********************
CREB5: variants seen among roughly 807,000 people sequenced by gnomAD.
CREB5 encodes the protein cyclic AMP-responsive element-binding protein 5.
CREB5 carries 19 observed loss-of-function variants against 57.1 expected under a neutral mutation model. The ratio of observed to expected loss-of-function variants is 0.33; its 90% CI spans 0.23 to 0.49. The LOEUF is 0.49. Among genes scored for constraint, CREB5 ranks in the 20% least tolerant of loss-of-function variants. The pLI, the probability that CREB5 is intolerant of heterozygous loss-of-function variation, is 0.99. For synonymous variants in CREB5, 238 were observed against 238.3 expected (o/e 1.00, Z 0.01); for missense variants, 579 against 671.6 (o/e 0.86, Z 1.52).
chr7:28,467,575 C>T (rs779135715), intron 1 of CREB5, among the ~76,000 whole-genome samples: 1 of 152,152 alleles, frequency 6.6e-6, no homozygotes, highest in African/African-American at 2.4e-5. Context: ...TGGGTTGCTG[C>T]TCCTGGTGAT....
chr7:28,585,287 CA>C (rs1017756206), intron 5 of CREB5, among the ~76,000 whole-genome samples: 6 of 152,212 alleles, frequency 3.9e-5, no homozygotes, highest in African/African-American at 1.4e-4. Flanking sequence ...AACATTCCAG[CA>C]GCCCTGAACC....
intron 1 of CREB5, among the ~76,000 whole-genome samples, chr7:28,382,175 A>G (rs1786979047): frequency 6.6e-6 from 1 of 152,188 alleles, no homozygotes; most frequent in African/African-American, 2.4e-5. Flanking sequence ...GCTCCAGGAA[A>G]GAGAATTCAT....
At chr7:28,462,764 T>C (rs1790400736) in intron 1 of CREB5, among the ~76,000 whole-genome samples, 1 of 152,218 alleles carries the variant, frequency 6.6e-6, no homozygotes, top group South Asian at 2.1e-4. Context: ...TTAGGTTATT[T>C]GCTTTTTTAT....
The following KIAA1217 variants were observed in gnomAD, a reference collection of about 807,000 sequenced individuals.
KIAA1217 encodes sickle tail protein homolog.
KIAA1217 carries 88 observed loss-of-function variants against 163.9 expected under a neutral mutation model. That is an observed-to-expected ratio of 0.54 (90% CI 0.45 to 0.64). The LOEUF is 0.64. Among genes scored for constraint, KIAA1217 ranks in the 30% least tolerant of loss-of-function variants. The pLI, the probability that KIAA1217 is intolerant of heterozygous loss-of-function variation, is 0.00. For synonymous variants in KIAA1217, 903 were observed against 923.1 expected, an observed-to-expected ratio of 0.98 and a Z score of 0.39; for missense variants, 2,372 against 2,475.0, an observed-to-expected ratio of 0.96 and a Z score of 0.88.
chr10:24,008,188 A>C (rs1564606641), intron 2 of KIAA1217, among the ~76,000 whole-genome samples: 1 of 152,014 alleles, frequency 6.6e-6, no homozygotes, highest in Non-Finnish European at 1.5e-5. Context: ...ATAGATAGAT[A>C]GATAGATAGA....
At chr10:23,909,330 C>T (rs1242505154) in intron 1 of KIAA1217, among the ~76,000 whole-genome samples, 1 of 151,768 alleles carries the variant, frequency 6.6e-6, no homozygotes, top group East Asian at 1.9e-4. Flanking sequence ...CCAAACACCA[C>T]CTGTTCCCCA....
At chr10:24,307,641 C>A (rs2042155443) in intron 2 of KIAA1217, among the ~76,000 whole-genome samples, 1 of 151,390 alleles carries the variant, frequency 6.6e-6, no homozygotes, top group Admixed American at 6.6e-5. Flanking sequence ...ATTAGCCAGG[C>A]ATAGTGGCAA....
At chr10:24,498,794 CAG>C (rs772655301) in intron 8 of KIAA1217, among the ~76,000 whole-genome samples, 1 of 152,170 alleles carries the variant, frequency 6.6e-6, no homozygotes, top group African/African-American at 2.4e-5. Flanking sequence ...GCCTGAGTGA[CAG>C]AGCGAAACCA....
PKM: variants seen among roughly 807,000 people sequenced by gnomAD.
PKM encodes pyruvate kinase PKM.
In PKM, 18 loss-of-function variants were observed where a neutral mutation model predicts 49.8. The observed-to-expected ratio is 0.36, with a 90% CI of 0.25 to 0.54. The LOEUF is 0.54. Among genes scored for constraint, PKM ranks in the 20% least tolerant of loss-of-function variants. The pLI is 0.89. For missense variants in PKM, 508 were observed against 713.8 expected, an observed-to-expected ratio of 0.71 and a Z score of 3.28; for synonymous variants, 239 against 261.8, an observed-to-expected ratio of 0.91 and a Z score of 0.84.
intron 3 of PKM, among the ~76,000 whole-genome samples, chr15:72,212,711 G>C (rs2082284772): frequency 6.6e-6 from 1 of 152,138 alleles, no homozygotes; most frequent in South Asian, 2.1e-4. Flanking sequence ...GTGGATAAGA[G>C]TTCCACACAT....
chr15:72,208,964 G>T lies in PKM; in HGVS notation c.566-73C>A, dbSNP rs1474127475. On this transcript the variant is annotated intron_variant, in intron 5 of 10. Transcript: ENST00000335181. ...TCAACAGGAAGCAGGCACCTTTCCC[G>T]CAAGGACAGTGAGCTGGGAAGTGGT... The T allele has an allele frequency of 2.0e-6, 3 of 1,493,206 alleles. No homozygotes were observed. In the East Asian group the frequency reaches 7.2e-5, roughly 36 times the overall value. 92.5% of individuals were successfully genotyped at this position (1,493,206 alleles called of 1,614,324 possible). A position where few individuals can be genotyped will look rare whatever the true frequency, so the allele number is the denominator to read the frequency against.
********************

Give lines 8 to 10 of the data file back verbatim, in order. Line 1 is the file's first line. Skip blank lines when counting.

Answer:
The following KIAA1217 variants were observed in gnomAD, a reference collection of about 807,000 sequenced individuals.
KIAA1217 encodes sickle tail protein homolog.
KIAA1217 carries 88 observed loss-of-function variants against 163.9 expected under a neutral mutation model. That is an observed-to-expected ratio of 0.54 (90% CI 0.45 to 0.64). The LOEUF is 0.64. Among genes scored for constraint, KIAA1217 ranks in the 30% least tolerant of loss-of-function variants. The pLI, the probability that KIAA1217 is intolerant of heterozygous loss-of-function variation, is 0.00. For synonymous variants in KIAA1217, 903 were observed against 923.1 expected, an observed-to-expected ratio of 0.98 and a Z score of 0.39; for missense variants, 2,372 against 2,475.0, an observed-to-expected ratio of 0.96 and a Z score of 0.88.